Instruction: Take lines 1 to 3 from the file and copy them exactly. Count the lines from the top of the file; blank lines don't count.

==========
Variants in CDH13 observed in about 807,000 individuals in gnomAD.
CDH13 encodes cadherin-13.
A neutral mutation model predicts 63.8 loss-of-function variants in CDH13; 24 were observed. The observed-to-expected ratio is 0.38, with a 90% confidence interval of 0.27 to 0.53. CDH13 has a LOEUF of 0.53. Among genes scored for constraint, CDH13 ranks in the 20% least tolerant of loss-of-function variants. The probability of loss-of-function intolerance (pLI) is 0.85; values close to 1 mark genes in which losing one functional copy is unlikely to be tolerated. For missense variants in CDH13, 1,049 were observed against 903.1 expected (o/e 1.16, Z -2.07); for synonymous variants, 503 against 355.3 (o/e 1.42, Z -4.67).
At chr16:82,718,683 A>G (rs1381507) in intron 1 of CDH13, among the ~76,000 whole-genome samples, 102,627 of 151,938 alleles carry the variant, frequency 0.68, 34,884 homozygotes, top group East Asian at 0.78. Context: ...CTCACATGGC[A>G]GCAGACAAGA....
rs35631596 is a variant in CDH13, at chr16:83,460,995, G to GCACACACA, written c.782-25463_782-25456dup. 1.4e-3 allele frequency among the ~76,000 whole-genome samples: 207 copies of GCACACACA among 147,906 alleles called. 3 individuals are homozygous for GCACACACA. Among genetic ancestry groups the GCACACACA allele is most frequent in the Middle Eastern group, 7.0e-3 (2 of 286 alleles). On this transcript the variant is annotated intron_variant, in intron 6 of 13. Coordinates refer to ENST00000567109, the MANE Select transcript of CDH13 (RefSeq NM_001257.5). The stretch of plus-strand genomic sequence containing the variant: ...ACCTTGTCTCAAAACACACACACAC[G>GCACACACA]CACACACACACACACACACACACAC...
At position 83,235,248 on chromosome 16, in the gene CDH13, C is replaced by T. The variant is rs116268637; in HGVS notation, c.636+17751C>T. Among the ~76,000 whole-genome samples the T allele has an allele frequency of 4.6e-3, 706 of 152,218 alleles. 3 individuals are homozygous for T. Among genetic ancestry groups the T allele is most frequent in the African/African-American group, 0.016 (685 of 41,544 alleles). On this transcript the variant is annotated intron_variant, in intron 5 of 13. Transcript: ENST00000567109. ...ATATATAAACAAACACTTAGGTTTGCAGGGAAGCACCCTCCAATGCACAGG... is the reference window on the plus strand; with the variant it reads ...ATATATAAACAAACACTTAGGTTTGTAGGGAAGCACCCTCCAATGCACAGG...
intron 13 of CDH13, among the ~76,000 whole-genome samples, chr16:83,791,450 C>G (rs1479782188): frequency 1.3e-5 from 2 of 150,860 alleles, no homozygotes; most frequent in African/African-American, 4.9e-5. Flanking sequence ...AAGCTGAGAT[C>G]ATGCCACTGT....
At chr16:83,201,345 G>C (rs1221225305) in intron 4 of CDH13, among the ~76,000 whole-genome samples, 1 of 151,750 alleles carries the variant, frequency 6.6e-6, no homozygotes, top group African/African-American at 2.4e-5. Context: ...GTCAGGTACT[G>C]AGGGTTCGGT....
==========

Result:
Variants in CDH13 observed in about 807,000 individuals in gnomAD.
CDH13 encodes cadherin-13.
A neutral mutation model predicts 63.8 loss-of-function variants in CDH13; 24 were observed. The observed-to-expected ratio is 0.38, with a 90% confidence interval of 0.27 to 0.53. CDH13 has a LOEUF of 0.53. Among genes scored for constraint, CDH13 ranks in the 20% least tolerant of loss-of-function variants. The probability of loss-of-function intolerance (pLI) is 0.85; values close to 1 mark genes in which losing one functional copy is unlikely to be tolerated. For missense variants in CDH13, 1,049 were observed against 903.1 expected (o/e 1.16, Z -2.07); for synonymous variants, 503 against 355.3 (o/e 1.42, Z -4.67).